Working hard at school and developing a good handshake were some of the tips Tim Campbell, the winner of the hit TV show The Apprentice, gave to pupils at a school near his east London roots last week.
He told teenagers at Tom Hood school, Leytonstone, how he went from being a failing pupil to landing himself a pound;100,000 job with self-made tycoon Alan Sugar.
He described his experiences growing up in a one-parent family and how he overcame poverty and racial discrimination.
The 28-year-old former transport manager for London Underground said:
"Always walk with your head held high. Nobody is above you. I went to a meeting just the other day with a big executive company chairman. I walked straight in there, marched over to him and firmly shook his hand while introducing myself. People will always remember you if you do that. Do not cower in a corner. Make yourself noticed and be confident - whoever it is you're meeting."
Tim battled against 13 other contestants for the job with Sir Alan throughout the first series of the BBC2 reality show. His prize was to be appointed as project director at Amstrad, part of Sir Alan's multi-million pound empire, where he continues to work to this day.
He told the students: "I had a difficult time at school and started bunking off and playing around in lessons. Then one day a teacher took me aside and said, 'You're in control, not us. If you want to make something of yourself, you'll have to buck up your ideas'. That is when I realised that teachers only want the best for you, so seize the opportunities they offer you."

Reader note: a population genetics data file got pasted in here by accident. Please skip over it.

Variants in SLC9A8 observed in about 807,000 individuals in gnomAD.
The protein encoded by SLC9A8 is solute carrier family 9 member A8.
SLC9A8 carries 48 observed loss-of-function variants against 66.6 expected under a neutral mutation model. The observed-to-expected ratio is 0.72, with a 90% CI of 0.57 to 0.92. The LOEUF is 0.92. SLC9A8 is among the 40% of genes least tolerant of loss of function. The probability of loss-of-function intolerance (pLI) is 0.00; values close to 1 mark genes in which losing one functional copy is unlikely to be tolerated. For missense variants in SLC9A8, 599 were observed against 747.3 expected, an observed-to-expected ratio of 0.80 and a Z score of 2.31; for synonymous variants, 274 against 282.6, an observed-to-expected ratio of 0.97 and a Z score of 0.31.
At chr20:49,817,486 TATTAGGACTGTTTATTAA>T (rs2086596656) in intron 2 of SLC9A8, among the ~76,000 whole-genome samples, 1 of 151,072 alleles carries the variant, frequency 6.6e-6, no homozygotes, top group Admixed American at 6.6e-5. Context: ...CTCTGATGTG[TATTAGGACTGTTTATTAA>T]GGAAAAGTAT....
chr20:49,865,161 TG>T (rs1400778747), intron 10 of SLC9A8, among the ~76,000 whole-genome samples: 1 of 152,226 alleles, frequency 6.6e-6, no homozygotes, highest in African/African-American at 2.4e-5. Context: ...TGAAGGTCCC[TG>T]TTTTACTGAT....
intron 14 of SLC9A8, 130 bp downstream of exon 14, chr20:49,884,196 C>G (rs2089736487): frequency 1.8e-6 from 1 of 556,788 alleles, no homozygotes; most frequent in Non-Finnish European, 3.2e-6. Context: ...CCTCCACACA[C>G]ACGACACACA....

Aaron Clarke, 15, said: "After listening to Tim, I'm really going to pull my socks up. I enjoyed it because it was realistic and not fake like some talks you hear.
"I spoke to him about a dance school I want to set up, as I'm really interested in street dance, and he gave me loads of advice. He said I have to be committed to what I do and also to broaden the type of stuff I offer."
His classmate, Anja Mizdrak, 15, said: "Tim spoke so well - it was really inspiring. He was so down to earth and approachable. I went to shake his hand, as he said it was really important, and he was really impressed with mine.
"He said it didn't matter what we want to do as long as we work hard and finish school, the options will be open to us later on."
After the speech, Tim spent over an hour with the students, talking to them individually about their future and what they wanted to do after school.
Radhika Bynon, a teacher at the school who organised the event, said: "He was interested in each and every one of them. He really encouraged them and has made a huge difference. It was music to the teachers' ears."